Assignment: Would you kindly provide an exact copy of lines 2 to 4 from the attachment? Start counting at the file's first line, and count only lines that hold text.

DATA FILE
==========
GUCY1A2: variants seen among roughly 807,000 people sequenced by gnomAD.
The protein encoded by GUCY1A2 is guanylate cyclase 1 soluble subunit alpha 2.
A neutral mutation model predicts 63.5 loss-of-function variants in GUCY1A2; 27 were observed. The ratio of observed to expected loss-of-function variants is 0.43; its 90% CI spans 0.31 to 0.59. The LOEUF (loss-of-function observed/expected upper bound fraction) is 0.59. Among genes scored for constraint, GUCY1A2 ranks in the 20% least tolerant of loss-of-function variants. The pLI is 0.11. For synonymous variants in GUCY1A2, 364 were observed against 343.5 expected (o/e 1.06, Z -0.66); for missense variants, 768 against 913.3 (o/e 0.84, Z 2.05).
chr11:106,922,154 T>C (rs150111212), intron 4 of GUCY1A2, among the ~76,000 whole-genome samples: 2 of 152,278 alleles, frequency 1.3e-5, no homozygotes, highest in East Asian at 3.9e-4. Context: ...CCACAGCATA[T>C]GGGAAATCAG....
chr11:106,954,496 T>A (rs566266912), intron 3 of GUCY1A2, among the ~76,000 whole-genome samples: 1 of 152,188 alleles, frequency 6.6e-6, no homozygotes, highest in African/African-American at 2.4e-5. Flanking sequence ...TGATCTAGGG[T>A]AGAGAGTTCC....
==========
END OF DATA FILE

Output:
The protein encoded by GUCY1A2 is guanylate cyclase 1 soluble subunit alpha 2.
A neutral mutation model predicts 63.5 loss-of-function variants in GUCY1A2; 27 were observed. The ratio of observed to expected loss-of-function variants is 0.43; its 90% CI spans 0.31 to 0.59. The LOEUF (loss-of-function observed/expected upper bound fraction) is 0.59. Among genes scored for constraint, GUCY1A2 ranks in the 20% least tolerant of loss-of-function variants. The pLI is 0.11. For synonymous variants in GUCY1A2, 364 were observed against 343.5 expected (o/e 1.06, Z -0.66); for missense variants, 768 against 913.3 (o/e 0.84, Z 2.05).
chr11:106,922,154 T>C (rs150111212), intron 4 of GUCY1A2, among the ~76,000 whole-genome samples: 2 of 152,278 alleles, frequency 1.3e-5, no homozygotes, highest in East Asian at 3.9e-4. Context: ...CCACAGCATA[T>C]GGGAAATCAG....